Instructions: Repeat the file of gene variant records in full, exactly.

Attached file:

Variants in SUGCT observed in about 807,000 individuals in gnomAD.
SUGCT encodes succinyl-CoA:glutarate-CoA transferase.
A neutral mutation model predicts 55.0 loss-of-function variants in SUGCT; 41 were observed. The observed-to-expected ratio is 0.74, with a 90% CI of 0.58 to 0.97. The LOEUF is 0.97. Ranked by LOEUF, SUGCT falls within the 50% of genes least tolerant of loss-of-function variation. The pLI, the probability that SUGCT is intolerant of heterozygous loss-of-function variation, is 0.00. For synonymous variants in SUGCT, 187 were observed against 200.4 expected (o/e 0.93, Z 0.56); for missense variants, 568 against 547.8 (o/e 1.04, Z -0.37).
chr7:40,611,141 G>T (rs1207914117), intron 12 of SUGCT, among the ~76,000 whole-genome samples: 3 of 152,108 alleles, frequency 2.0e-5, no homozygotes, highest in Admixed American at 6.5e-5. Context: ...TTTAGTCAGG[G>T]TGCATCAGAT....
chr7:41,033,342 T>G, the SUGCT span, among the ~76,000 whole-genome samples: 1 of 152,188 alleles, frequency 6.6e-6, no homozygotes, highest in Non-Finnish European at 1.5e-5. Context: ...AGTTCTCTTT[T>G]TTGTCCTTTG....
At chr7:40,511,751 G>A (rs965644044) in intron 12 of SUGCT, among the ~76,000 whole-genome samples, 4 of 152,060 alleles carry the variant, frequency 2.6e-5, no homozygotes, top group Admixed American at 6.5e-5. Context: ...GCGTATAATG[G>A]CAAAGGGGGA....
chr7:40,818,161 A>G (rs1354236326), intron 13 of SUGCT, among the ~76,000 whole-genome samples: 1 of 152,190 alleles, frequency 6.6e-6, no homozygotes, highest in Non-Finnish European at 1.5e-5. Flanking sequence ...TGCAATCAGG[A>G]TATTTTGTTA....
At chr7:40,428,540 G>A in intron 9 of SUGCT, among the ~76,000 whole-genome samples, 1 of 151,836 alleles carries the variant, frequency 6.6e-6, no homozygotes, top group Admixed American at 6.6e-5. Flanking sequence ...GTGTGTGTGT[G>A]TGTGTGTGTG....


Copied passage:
Variants in SUGCT observed in about 807,000 individuals in gnomAD.
SUGCT encodes succinyl-CoA:glutarate-CoA transferase.
A neutral mutation model predicts 55.0 loss-of-function variants in SUGCT; 41 were observed. The observed-to-expected ratio is 0.74, with a 90% CI of 0.58 to 0.97. The LOEUF is 0.97. Ranked by LOEUF, SUGCT falls within the 50% of genes least tolerant of loss-of-function variation. The pLI, the probability that SUGCT is intolerant of heterozygous loss-of-function variation, is 0.00. For synonymous variants in SUGCT, 187 were observed against 200.4 expected (o/e 0.93, Z 0.56); for missense variants, 568 against 547.8 (o/e 1.04, Z -0.37).
chr7:40,611,141 G>T (rs1207914117), intron 12 of SUGCT, among the ~76,000 whole-genome samples: 3 of 152,108 alleles, frequency 2.0e-5, no homozygotes, highest in Admixed American at 6.5e-5. Context: ...TTTAGTCAGG[G>T]TGCATCAGAT....
chr7:41,033,342 T>G, the SUGCT span, among the ~76,000 whole-genome samples: 1 of 152,188 alleles, frequency 6.6e-6, no homozygotes, highest in Non-Finnish European at 1.5e-5. Context: ...AGTTCTCTTT[T>G]TTGTCCTTTG....
At chr7:40,511,751 G>A (rs965644044) in intron 12 of SUGCT, among the ~76,000 whole-genome samples, 4 of 152,060 alleles carry the variant, frequency 2.6e-5, no homozygotes, top group Admixed American at 6.5e-5. Context: ...GCGTATAATG[G>A]CAAAGGGGGA....
chr7:40,818,161 A>G (rs1354236326), intron 13 of SUGCT, among the ~76,000 whole-genome samples: 1 of 152,190 alleles, frequency 6.6e-6, no homozygotes, highest in Non-Finnish European at 1.5e-5. Flanking sequence ...TGCAATCAGG[A>G]TATTTTGTTA....
At chr7:40,428,540 G>A in intron 9 of SUGCT, among the ~76,000 whole-genome samples, 1 of 151,836 alleles carries the variant, frequency 6.6e-6, no homozygotes, top group Admixed American at 6.6e-5. Flanking sequence ...GTGTGTGTGT[G>A]TGTGTGTGTG....